What Data Does LiDAR Collect and How Does It Work?

LiDAR (Light Detection and Ranging) is a powerful remote sensing technology that uses laser light to measure the distance between the source and an object on the Earth's surface. This distance is then used to calculate the elevation of the object, allowing for the creation of three-dimensional models and digital elevations of the land. Topographic LiDAR typically uses near-infrared laser light to map the land, while bathymetric LiDAR uses green light that can penetrate water to measure the elevations of seabeds and riverbeds. In essence, LiDAR follows a simple principle: it emits laser light at an object on the Earth's surface and measures the time it takes for the light to return to its source.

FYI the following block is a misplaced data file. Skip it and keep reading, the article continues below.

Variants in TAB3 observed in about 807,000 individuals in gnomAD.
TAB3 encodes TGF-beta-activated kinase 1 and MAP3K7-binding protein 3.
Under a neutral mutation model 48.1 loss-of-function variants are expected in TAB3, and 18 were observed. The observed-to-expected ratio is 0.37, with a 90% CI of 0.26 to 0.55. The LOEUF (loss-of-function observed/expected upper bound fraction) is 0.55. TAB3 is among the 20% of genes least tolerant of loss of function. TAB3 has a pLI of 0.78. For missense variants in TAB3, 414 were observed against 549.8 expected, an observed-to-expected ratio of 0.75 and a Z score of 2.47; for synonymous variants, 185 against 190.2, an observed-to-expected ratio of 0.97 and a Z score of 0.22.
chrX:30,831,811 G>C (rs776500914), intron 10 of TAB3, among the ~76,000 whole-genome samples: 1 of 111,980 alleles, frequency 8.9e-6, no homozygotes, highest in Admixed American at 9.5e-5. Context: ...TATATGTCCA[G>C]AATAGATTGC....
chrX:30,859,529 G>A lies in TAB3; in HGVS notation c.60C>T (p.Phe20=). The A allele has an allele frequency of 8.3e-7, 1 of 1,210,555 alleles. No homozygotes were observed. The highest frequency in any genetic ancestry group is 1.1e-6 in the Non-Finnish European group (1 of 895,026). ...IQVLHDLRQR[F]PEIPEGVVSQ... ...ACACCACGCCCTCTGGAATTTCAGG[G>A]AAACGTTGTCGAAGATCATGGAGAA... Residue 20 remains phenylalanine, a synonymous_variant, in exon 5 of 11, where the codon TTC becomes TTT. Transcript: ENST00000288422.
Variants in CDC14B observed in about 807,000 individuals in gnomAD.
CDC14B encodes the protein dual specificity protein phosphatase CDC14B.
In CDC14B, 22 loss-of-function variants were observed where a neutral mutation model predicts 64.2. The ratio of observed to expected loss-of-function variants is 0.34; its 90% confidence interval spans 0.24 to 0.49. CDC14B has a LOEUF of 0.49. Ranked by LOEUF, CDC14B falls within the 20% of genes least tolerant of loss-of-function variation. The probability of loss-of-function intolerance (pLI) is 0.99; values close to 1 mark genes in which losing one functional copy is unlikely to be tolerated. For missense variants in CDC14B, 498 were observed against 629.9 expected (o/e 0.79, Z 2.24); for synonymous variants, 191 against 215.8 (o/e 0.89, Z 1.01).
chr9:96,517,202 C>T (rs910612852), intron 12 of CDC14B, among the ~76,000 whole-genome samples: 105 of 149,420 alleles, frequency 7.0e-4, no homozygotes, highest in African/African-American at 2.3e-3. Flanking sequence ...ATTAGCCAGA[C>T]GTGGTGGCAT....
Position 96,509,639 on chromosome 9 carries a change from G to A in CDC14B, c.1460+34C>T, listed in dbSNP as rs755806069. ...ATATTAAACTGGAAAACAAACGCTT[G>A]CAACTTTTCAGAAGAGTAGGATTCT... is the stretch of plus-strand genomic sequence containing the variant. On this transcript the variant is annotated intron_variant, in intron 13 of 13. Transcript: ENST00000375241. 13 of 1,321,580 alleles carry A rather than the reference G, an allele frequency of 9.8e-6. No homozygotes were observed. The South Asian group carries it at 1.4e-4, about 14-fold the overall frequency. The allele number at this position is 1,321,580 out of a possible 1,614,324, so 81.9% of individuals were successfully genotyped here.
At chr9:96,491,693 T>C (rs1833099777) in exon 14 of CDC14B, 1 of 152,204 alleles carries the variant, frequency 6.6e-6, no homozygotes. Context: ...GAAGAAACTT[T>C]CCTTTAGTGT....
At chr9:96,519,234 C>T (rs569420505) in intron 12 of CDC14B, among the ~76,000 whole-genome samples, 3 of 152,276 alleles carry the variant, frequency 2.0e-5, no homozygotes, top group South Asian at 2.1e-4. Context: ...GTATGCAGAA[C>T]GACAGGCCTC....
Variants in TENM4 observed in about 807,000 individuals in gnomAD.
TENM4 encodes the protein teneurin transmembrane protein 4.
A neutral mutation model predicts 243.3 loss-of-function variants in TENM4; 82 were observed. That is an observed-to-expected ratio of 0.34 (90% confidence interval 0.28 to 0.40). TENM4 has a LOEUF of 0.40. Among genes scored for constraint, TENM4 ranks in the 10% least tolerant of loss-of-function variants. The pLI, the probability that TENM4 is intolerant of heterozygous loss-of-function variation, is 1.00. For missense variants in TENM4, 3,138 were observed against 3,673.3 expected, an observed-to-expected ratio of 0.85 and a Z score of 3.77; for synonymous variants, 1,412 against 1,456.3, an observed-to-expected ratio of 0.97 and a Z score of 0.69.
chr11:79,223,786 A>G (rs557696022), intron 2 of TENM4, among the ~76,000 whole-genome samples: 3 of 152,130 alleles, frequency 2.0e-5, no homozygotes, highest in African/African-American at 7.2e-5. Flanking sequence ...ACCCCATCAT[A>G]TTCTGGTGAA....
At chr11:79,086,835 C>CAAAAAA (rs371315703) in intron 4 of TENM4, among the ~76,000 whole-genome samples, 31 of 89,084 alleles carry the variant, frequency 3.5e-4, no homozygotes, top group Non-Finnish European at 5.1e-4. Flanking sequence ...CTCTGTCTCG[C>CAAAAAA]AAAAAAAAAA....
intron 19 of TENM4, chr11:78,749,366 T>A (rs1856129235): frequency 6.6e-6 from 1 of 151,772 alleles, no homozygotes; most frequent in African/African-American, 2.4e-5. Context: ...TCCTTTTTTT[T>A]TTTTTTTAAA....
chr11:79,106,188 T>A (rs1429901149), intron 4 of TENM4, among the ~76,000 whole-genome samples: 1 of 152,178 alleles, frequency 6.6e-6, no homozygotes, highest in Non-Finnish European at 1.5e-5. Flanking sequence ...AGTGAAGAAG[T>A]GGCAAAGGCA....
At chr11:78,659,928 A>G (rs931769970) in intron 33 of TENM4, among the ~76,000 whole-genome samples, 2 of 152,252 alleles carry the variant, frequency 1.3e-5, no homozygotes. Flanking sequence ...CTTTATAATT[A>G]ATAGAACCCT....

This time is then used to calculate the distance traveled, which is then converted into elevation. The data collected by LiDAR is incredibly useful for a variety of applications, such as mapping terrain, creating 3D models of buildings, and measuring vegetation heights. It can also be used to detect changes in land cover over time, as well as for flood risk assessment and landslide detection. LiDAR is an incredibly versatile technology that can be used in a variety of ways. From mapping terrain to detecting changes in land cover over time, LiDAR has become an invaluable tool for scientists, engineers, and other professionals.

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